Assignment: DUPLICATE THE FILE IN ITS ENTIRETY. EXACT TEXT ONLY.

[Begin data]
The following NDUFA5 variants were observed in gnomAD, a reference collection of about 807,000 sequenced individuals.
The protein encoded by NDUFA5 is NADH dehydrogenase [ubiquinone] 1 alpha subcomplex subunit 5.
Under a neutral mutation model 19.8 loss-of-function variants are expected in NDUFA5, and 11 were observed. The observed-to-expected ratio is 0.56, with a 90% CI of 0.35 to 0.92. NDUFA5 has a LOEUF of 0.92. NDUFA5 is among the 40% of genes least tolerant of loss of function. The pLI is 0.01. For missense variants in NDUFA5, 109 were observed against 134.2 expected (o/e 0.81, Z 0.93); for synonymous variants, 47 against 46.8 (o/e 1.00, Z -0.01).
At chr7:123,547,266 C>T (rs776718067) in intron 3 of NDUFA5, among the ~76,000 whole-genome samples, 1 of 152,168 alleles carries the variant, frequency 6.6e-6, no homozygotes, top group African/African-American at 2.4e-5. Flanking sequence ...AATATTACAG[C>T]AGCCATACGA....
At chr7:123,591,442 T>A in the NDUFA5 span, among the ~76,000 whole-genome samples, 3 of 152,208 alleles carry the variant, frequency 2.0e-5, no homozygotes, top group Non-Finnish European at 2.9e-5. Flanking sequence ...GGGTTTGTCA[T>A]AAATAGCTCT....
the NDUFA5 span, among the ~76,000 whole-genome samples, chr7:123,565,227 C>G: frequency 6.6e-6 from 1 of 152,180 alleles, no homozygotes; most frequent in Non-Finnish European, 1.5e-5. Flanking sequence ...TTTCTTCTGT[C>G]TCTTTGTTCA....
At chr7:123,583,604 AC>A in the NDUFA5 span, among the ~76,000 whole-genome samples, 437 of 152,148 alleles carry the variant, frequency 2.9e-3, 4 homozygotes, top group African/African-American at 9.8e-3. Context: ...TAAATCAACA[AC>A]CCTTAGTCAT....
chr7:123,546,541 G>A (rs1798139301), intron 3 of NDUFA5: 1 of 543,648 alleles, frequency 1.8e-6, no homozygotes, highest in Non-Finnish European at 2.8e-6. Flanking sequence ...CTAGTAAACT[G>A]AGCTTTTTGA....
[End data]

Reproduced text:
The following NDUFA5 variants were observed in gnomAD, a reference collection of about 807,000 sequenced individuals.
The protein encoded by NDUFA5 is NADH dehydrogenase [ubiquinone] 1 alpha subcomplex subunit 5.
Under a neutral mutation model 19.8 loss-of-function variants are expected in NDUFA5, and 11 were observed. The observed-to-expected ratio is 0.56, with a 90% CI of 0.35 to 0.92. NDUFA5 has a LOEUF of 0.92. NDUFA5 is among the 40% of genes least tolerant of loss of function. The pLI is 0.01. For missense variants in NDUFA5, 109 were observed against 134.2 expected (o/e 0.81, Z 0.93); for synonymous variants, 47 against 46.8 (o/e 1.00, Z -0.01).
At chr7:123,547,266 C>T (rs776718067) in intron 3 of NDUFA5, among the ~76,000 whole-genome samples, 1 of 152,168 alleles carries the variant, frequency 6.6e-6, no homozygotes, top group African/African-American at 2.4e-5. Flanking sequence ...AATATTACAG[C>T]AGCCATACGA....
At chr7:123,591,442 T>A in the NDUFA5 span, among the ~76,000 whole-genome samples, 3 of 152,208 alleles carry the variant, frequency 2.0e-5, no homozygotes, top group Non-Finnish European at 2.9e-5. Flanking sequence ...GGGTTTGTCA[T>A]AAATAGCTCT....
the NDUFA5 span, among the ~76,000 whole-genome samples, chr7:123,565,227 C>G: frequency 6.6e-6 from 1 of 152,180 alleles, no homozygotes; most frequent in Non-Finnish European, 1.5e-5. Flanking sequence ...TTTCTTCTGT[C>G]TCTTTGTTCA....
At chr7:123,583,604 AC>A in the NDUFA5 span, among the ~76,000 whole-genome samples, 437 of 152,148 alleles carry the variant, frequency 2.9e-3, 4 homozygotes, top group African/African-American at 9.8e-3. Context: ...TAAATCAACA[AC>A]CCTTAGTCAT....
chr7:123,546,541 G>A (rs1798139301), intron 3 of NDUFA5: 1 of 543,648 alleles, frequency 1.8e-6, no homozygotes, highest in Non-Finnish European at 2.8e-6. Flanking sequence ...CTAGTAAACT[G>A]AGCTTTTTGA....